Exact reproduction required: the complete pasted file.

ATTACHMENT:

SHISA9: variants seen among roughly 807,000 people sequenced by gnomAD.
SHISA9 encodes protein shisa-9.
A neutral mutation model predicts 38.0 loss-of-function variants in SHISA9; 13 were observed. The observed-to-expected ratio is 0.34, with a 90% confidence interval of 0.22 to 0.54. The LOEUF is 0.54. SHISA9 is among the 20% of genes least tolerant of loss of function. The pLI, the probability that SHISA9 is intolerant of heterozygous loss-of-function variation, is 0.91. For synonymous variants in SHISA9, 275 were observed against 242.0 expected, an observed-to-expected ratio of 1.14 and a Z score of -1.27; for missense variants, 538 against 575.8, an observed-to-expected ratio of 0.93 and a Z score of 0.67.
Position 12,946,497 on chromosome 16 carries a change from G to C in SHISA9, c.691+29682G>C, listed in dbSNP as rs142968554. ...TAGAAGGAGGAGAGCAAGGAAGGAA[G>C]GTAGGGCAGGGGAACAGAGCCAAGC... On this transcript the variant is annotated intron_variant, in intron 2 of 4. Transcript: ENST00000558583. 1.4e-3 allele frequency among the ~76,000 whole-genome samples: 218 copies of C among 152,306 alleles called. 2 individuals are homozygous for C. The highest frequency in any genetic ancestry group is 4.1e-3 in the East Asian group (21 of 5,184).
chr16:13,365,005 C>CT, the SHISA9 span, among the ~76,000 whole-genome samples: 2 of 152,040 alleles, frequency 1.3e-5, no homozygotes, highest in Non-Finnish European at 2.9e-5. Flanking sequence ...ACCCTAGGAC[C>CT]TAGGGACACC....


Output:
SHISA9: variants seen among roughly 807,000 people sequenced by gnomAD.
SHISA9 encodes protein shisa-9.
A neutral mutation model predicts 38.0 loss-of-function variants in SHISA9; 13 were observed. The observed-to-expected ratio is 0.34, with a 90% confidence interval of 0.22 to 0.54. The LOEUF is 0.54. SHISA9 is among the 20% of genes least tolerant of loss of function. The pLI, the probability that SHISA9 is intolerant of heterozygous loss-of-function variation, is 0.91. For synonymous variants in SHISA9, 275 were observed against 242.0 expected, an observed-to-expected ratio of 1.14 and a Z score of -1.27; for missense variants, 538 against 575.8, an observed-to-expected ratio of 0.93 and a Z score of 0.67.
Position 12,946,497 on chromosome 16 carries a change from G to C in SHISA9, c.691+29682G>C, listed in dbSNP as rs142968554. ...TAGAAGGAGGAGAGCAAGGAAGGAA[G>C]GTAGGGCAGGGGAACAGAGCCAAGC... On this transcript the variant is annotated intron_variant, in intron 2 of 4. Transcript: ENST00000558583. 1.4e-3 allele frequency among the ~76,000 whole-genome samples: 218 copies of C among 152,306 alleles called. 2 individuals are homozygous for C. The highest frequency in any genetic ancestry group is 4.1e-3 in the East Asian group (21 of 5,184).
chr16:13,365,005 C>CT, the SHISA9 span, among the ~76,000 whole-genome samples: 2 of 152,040 alleles, frequency 1.3e-5, no homozygotes, highest in Non-Finnish European at 2.9e-5. Flanking sequence ...ACCCTAGGAC[C>CT]TAGGGACACC....